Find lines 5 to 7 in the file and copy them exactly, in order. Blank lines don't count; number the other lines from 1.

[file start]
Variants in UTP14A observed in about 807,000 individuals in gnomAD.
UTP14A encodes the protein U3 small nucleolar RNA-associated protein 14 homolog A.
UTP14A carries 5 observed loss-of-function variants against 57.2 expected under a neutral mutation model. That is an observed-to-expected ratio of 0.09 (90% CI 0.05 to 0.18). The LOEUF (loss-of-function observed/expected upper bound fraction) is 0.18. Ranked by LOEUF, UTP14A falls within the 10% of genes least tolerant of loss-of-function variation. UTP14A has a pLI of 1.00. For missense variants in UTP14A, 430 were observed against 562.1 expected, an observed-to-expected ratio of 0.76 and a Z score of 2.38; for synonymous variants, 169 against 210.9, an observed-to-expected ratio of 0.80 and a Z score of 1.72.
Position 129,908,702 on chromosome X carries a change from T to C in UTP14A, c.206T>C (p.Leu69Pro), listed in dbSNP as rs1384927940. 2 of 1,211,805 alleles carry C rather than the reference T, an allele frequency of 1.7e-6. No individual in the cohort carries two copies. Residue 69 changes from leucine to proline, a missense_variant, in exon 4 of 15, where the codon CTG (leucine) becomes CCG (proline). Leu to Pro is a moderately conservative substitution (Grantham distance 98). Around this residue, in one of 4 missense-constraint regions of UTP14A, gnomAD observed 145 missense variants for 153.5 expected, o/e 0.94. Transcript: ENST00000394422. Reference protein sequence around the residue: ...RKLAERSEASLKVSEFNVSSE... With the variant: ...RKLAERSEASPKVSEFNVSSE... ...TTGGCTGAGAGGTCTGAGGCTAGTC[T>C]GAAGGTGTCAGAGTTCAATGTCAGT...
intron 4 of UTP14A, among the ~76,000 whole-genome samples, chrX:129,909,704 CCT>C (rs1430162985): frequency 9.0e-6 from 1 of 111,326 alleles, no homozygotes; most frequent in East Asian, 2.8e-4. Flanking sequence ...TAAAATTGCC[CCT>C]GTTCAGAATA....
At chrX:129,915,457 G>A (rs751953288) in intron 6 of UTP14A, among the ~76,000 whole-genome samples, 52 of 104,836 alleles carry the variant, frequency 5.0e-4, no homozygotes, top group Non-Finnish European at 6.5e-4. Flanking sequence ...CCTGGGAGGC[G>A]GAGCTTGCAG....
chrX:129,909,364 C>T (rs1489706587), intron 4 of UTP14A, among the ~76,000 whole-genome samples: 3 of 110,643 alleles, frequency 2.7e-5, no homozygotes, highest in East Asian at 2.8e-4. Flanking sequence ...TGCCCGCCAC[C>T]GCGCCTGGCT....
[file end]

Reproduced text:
intron 4 of UTP14A, among the ~76,000 whole-genome samples, chrX:129,909,704 CCT>C (rs1430162985): frequency 9.0e-6 from 1 of 111,326 alleles, no homozygotes; most frequent in East Asian, 2.8e-4. Flanking sequence ...TAAAATTGCC[CCT>C]GTTCAGAATA....
At chrX:129,915,457 G>A (rs751953288) in intron 6 of UTP14A, among the ~76,000 whole-genome samples, 52 of 104,836 alleles carry the variant, frequency 5.0e-4, no homozygotes, top group Non-Finnish European at 6.5e-4. Flanking sequence ...CCTGGGAGGC[G>A]GAGCTTGCAG....
chrX:129,909,364 C>T (rs1489706587), intron 4 of UTP14A, among the ~76,000 whole-genome samples: 3 of 110,643 alleles, frequency 2.7e-5, no homozygotes, highest in East Asian at 2.8e-4. Flanking sequence ...TGCCCGCCAC[C>T]GCGCCTGGCT....